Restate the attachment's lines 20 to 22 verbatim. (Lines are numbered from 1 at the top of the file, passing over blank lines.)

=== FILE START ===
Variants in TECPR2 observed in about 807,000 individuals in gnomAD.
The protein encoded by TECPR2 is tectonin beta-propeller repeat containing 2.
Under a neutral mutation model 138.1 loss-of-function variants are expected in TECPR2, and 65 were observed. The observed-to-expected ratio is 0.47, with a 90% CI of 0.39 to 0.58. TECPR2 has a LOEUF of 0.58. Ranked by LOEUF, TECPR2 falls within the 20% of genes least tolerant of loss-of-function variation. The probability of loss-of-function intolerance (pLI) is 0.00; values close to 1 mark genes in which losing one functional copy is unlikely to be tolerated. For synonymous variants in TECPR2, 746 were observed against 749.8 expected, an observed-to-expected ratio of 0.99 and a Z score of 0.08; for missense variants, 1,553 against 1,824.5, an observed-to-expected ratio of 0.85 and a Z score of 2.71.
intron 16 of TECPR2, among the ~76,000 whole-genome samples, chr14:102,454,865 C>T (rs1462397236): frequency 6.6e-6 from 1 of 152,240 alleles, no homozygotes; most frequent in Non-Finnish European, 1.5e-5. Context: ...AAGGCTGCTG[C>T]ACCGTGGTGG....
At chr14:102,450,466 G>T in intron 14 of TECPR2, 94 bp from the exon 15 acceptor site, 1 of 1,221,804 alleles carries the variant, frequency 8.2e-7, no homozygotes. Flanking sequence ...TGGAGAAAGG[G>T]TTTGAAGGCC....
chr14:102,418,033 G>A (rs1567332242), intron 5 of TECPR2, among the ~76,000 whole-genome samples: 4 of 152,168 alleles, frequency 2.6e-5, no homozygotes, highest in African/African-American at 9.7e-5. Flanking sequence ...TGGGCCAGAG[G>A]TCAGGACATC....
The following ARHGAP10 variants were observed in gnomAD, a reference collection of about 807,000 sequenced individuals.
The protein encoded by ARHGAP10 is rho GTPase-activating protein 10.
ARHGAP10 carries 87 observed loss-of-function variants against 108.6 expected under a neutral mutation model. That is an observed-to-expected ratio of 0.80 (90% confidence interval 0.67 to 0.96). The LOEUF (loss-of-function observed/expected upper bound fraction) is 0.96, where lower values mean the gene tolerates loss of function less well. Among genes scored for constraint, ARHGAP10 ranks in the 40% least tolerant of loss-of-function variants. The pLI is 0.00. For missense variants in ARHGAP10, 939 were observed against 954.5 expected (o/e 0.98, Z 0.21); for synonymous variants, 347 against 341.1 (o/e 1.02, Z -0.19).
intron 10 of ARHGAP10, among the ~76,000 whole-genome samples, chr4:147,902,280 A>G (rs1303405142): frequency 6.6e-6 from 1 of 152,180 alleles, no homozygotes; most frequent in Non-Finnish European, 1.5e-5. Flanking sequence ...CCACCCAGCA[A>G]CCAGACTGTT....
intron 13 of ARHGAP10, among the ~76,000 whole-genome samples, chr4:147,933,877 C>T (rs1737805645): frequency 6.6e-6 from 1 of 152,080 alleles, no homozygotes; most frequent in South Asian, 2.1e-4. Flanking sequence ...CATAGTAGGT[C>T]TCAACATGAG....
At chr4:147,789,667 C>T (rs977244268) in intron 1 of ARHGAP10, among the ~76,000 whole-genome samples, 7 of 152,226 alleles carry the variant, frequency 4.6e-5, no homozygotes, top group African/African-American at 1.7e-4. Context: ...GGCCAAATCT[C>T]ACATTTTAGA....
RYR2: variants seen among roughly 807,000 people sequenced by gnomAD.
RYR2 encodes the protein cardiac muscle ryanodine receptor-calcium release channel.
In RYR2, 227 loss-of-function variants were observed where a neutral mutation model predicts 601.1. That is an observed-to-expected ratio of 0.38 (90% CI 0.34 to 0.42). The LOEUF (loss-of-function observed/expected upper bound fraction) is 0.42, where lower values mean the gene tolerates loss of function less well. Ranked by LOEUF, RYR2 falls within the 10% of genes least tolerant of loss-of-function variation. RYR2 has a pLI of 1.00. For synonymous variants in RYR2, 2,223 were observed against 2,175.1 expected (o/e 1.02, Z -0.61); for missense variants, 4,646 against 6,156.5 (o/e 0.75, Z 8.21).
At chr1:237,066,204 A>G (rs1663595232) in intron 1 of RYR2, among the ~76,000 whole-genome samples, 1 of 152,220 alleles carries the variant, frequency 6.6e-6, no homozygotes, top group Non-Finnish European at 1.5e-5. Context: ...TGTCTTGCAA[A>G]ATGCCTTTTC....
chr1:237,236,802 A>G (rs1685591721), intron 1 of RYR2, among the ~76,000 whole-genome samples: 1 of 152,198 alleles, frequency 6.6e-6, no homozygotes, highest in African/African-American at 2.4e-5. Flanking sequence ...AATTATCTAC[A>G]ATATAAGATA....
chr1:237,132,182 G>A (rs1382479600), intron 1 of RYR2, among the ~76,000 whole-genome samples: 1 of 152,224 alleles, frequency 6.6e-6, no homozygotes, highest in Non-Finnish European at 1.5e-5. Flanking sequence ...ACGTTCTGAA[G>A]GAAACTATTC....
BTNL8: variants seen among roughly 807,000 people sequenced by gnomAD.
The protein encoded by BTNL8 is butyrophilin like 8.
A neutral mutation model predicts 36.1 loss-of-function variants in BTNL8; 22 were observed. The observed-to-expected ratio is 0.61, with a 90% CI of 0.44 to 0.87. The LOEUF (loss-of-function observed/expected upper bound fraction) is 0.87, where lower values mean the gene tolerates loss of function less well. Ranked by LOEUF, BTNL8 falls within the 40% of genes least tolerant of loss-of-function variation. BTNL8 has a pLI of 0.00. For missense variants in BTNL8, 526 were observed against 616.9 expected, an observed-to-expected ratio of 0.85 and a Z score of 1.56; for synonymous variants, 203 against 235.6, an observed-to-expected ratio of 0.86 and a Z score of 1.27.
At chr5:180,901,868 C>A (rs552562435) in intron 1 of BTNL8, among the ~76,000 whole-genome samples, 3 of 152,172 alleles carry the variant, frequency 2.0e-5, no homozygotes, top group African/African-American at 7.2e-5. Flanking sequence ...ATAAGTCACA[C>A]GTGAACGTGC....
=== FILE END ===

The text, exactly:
The protein encoded by BTNL8 is butyrophilin like 8.
A neutral mutation model predicts 36.1 loss-of-function variants in BTNL8; 22 were observed. The observed-to-expected ratio is 0.61, with a 90% CI of 0.44 to 0.87. The LOEUF (loss-of-function observed/expected upper bound fraction) is 0.87, where lower values mean the gene tolerates loss of function less well. Ranked by LOEUF, BTNL8 falls within the 40% of genes least tolerant of loss-of-function variation. BTNL8 has a pLI of 0.00. For missense variants in BTNL8, 526 were observed against 616.9 expected, an observed-to-expected ratio of 0.85 and a Z score of 1.56; for synonymous variants, 203 against 235.6, an observed-to-expected ratio of 0.86 and a Z score of 1.27.
At chr5:180,901,868 C>A (rs552562435) in intron 1 of BTNL8, among the ~76,000 whole-genome samples, 3 of 152,172 alleles carry the variant, frequency 2.0e-5, no homozygotes, top group African/African-American at 7.2e-5. Flanking sequence ...ATAAGTCACA[C>A]GTGAACGTGC....